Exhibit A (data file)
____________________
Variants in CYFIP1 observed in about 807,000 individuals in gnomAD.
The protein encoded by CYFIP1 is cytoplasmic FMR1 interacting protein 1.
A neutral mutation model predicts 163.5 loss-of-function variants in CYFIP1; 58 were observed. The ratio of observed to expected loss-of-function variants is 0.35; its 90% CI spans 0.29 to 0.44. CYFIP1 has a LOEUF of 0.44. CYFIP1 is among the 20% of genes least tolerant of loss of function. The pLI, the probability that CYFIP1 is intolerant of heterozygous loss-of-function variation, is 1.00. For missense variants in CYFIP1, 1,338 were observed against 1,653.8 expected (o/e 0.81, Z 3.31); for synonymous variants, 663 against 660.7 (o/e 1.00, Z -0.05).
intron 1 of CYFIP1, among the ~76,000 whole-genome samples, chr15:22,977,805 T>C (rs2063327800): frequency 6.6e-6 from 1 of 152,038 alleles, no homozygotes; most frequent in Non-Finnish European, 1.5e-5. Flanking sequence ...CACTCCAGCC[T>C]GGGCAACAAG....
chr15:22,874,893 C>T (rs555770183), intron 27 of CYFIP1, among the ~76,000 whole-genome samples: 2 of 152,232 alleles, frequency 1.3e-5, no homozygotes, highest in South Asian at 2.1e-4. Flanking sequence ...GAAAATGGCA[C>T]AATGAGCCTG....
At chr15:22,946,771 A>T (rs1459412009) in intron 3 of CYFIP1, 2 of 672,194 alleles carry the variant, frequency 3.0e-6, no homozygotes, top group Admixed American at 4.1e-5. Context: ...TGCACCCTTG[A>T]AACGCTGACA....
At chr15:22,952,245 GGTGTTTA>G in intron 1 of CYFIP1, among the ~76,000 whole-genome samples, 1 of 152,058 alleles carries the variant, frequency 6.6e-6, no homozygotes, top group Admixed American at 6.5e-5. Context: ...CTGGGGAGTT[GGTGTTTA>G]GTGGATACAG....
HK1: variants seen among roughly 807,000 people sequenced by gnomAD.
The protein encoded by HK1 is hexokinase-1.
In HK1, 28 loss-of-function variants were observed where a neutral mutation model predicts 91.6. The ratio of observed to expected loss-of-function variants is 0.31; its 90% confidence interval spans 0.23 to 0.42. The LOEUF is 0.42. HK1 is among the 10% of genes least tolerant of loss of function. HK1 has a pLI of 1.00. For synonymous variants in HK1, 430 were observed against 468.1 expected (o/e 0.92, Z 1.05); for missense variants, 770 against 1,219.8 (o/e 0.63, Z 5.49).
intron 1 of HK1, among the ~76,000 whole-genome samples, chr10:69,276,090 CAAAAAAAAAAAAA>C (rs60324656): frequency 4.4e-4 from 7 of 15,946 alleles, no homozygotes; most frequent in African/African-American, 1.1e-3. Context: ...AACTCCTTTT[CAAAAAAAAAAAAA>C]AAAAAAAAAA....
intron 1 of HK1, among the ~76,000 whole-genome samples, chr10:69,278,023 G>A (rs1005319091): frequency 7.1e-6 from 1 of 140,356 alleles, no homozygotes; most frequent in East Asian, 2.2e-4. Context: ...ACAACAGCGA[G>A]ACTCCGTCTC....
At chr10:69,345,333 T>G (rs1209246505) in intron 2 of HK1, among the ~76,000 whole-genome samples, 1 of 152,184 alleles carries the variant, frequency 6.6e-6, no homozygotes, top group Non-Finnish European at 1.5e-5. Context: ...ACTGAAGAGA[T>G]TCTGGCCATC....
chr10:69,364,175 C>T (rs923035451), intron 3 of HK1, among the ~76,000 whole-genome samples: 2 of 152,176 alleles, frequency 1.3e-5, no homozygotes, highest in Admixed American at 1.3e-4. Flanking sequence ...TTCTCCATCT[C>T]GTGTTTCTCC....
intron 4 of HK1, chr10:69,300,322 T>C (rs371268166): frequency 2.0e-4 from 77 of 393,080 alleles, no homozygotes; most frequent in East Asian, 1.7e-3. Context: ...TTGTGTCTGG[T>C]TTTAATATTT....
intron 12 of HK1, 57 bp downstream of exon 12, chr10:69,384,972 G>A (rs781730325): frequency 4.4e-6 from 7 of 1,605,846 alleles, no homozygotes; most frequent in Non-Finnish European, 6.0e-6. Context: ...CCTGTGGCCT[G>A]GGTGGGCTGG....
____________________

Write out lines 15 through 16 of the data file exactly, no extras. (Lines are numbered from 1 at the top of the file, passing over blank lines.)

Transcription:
intron 4 of HK1, chr10:69,300,322 T>C (rs371268166): frequency 2.0e-4 from 77 of 393,080 alleles, no homozygotes; most frequent in East Asian, 1.7e-3. Context: ...TTGTGTCTGG[T>C]TTTAATATTT....
intron 12 of HK1, 57 bp downstream of exon 12, chr10:69,384,972 G>A (rs781730325): frequency 4.4e-6 from 7 of 1,605,846 alleles, no homozygotes; most frequent in Non-Finnish European, 6.0e-6. Context: ...CCTGTGGCCT[G>A]GGTGGGCTGG....